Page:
Sugar and spice and a father’s advice

Time goes by when you have young kids


en I was little, I truly believed girls were made of sugar and spice and everything nice. 

In fact, girls intimidated me. From their ribbons and curls to their crisply pressed jumpers, they seemed other-worldly to a shy boy like me.

Every Sunday night after supper, Dad would talk to us about anything that was on our minds. So naturally when I heard about a new scientific discovery on the radio, I asked him all about it:

“Dad, the man on the radio said that girls have an extra layer of fat.”

“Yes, I’ve heard that too.”

“Dad, is that why girls are better at swimming across Lake Ontario than guys?”

“Yeah, maybe.”

“So then why do they call women the weaker sex?”

“Well, physically they aren’t as strong as men.”

“But wouldn’t you have to be incredibly strong to swim across Lake Ontario?”

“Well yes, but…”

“And the man on the radio said women live longer than men.”

“That’s true.”

“Well then if they’re really strong and better swimmers and live longer, aren’t we the weaker sex?”

That made Mom laugh and Dad quickly changed the subject: 

“Did you learn anything new in school this week, Ray?”

“Yes Sir, we learned about the Titanic. The teacher said that when they got into the lifeboats it was women and children first.”

“Absolutely. That’s the unwritten law of the sea!”

“But women have an extra layer of fat and are better swimmers.”


“So from now on shouldn’t it be men and children first?”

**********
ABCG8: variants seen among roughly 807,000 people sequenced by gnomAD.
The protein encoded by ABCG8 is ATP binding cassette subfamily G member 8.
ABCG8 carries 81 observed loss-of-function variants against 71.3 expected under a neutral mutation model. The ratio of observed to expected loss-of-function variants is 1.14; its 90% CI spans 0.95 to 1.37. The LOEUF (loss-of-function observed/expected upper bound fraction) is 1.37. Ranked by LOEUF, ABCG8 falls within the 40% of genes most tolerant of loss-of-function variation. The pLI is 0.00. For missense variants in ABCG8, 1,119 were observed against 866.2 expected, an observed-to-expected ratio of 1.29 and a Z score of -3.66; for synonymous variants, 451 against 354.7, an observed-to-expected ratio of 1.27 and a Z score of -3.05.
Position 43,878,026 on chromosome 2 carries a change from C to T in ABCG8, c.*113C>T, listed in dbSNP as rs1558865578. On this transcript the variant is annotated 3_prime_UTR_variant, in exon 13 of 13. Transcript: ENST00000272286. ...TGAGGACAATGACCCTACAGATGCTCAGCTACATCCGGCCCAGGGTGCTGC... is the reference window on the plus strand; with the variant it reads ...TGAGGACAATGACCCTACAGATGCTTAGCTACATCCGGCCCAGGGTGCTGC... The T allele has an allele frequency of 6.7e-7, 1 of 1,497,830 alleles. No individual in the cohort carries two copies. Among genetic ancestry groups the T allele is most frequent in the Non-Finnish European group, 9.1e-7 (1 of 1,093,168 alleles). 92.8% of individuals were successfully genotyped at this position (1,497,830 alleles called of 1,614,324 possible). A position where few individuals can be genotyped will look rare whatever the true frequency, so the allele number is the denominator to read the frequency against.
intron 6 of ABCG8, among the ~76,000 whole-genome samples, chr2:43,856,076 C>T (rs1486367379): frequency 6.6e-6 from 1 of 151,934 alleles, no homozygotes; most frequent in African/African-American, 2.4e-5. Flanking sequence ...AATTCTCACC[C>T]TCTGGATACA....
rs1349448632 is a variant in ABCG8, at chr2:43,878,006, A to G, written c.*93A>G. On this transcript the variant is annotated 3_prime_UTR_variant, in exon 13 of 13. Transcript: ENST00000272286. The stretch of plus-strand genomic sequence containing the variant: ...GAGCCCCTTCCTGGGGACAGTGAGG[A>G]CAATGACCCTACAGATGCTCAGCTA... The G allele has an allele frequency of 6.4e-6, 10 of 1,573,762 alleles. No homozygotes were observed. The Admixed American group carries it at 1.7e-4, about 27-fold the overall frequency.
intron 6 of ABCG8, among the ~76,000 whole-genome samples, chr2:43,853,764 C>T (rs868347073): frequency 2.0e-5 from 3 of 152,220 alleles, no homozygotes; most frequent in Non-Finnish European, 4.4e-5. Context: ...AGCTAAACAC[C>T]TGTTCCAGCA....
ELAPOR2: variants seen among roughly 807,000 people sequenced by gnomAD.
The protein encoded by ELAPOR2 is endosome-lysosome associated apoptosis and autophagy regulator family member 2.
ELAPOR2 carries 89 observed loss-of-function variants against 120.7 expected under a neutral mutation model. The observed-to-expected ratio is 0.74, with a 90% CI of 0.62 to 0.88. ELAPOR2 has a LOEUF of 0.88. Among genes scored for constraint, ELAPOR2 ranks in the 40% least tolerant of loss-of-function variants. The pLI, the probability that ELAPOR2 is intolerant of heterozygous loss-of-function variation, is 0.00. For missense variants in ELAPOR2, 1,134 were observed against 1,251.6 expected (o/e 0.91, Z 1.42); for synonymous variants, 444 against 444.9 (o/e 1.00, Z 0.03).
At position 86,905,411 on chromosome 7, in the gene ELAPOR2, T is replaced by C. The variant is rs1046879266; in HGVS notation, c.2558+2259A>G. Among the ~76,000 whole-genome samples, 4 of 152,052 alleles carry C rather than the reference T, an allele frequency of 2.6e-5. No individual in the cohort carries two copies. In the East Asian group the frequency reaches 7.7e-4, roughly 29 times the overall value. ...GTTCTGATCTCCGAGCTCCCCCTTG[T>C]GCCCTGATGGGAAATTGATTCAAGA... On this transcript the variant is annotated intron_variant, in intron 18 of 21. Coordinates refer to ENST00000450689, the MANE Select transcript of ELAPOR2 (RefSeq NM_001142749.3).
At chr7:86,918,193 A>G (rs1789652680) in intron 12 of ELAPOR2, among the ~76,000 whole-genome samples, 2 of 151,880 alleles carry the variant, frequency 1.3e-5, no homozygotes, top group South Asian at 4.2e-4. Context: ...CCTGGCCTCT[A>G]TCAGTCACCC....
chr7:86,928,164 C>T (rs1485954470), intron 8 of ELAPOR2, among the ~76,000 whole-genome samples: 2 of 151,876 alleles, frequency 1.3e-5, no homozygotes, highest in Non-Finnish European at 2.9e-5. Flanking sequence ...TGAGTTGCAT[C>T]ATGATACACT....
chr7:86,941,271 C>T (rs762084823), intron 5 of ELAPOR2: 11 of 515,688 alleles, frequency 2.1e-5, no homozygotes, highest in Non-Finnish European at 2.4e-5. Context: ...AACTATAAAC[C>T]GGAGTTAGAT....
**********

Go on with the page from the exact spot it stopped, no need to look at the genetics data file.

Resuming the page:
“Never mind,” he replied. “It’s bedtime.”

When I got into my middle teens I met a girl I really liked. So one Sunday night I asked Dad for some advice.

“Dad how do you get a girl to like you?”

“Well let me tell you how not to do it. Once in Holland my friend Hans and I went on a double date. I was just like you. Much too timid. I spent the evening talking to that girl about poetry and the beauty of the moon and the stars. I didn’t even try to kiss her. The next day I asked Hans to find out if she liked me. And you know what she said?”

“What?” I asked breathlessly.

“She said I was a dud!”

Despite Dad’s encouragement, it took me weeks to summon the courage to ask Jane (not her real name) for a date. We’d only been going out for a short while when she sat me down for a talk:

“Ray, sometimes at night my sister comes into my room and we talk about boys. The other night I told her how much I like you and she asked if you were a good kisser.”

“She did?”

“Yes, and I had to answer, ‘I don’t know, it’s been a month and he hasn’t kissed me.’”

“What did she say?” I asked uneasily.

“She said, ‘Boy! What a dud!’”

Like father, like son.

Jane and I went out for nearly two years. And yes, I did eventually kiss her. It was scary and wonderful and oh so innocent. 

Jane was lovely but it eventually became apparent that we weren’t really suited for each other. We must have split up and reunited a dozen times. In the end, her father became so exasperated that he started calling me, ‘Boomerang.’ 

I can hardly believe that thirty years have passed. And naturally, I’ve had other relationships since. But you can never fall in love for the first time twice. And despite what the old song says, a kiss is much more than a kiss when it’s a milestone on the way to maturity.

Sugar and spice and everything nice? You bet. 

Especially as time goes by.  


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